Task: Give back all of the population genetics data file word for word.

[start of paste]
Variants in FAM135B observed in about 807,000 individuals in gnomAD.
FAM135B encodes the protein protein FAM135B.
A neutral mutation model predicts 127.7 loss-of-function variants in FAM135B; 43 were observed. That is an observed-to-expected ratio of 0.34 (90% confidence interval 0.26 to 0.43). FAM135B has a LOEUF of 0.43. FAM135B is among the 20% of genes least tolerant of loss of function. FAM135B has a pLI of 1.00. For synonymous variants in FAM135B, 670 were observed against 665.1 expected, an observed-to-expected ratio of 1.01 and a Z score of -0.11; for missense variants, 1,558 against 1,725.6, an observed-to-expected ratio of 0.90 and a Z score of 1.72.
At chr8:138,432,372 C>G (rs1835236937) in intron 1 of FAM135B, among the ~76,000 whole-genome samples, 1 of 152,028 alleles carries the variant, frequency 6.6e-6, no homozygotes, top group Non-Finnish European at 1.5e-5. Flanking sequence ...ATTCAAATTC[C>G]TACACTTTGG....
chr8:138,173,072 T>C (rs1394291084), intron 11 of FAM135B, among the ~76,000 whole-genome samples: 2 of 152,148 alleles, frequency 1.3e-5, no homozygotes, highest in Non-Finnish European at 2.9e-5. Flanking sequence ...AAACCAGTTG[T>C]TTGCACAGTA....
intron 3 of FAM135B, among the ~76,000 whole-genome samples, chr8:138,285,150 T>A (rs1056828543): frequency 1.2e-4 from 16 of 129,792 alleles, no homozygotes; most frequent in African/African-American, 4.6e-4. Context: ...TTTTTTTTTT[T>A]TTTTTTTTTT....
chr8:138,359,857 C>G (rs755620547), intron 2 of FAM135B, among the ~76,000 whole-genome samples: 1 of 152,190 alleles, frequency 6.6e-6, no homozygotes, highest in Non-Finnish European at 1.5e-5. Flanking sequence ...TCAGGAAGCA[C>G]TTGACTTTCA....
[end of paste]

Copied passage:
Variants in FAM135B observed in about 807,000 individuals in gnomAD.
FAM135B encodes the protein protein FAM135B.
A neutral mutation model predicts 127.7 loss-of-function variants in FAM135B; 43 were observed. That is an observed-to-expected ratio of 0.34 (90% confidence interval 0.26 to 0.43). FAM135B has a LOEUF of 0.43. FAM135B is among the 20% of genes least tolerant of loss of function. FAM135B has a pLI of 1.00. For synonymous variants in FAM135B, 670 were observed against 665.1 expected, an observed-to-expected ratio of 1.01 and a Z score of -0.11; for missense variants, 1,558 against 1,725.6, an observed-to-expected ratio of 0.90 and a Z score of 1.72.
At chr8:138,432,372 C>G (rs1835236937) in intron 1 of FAM135B, among the ~76,000 whole-genome samples, 1 of 152,028 alleles carries the variant, frequency 6.6e-6, no homozygotes, top group Non-Finnish European at 1.5e-5. Flanking sequence ...ATTCAAATTC[C>G]TACACTTTGG....
chr8:138,173,072 T>C (rs1394291084), intron 11 of FAM135B, among the ~76,000 whole-genome samples: 2 of 152,148 alleles, frequency 1.3e-5, no homozygotes, highest in Non-Finnish European at 2.9e-5. Flanking sequence ...AAACCAGTTG[T>C]TTGCACAGTA....
intron 3 of FAM135B, among the ~76,000 whole-genome samples, chr8:138,285,150 T>A (rs1056828543): frequency 1.2e-4 from 16 of 129,792 alleles, no homozygotes; most frequent in African/African-American, 4.6e-4. Context: ...TTTTTTTTTT[T>A]TTTTTTTTTT....
chr8:138,359,857 C>G (rs755620547), intron 2 of FAM135B, among the ~76,000 whole-genome samples: 1 of 152,190 alleles, frequency 6.6e-6, no homozygotes, highest in Non-Finnish European at 1.5e-5. Flanking sequence ...TCAGGAAGCA[C>G]TTGACTTTCA....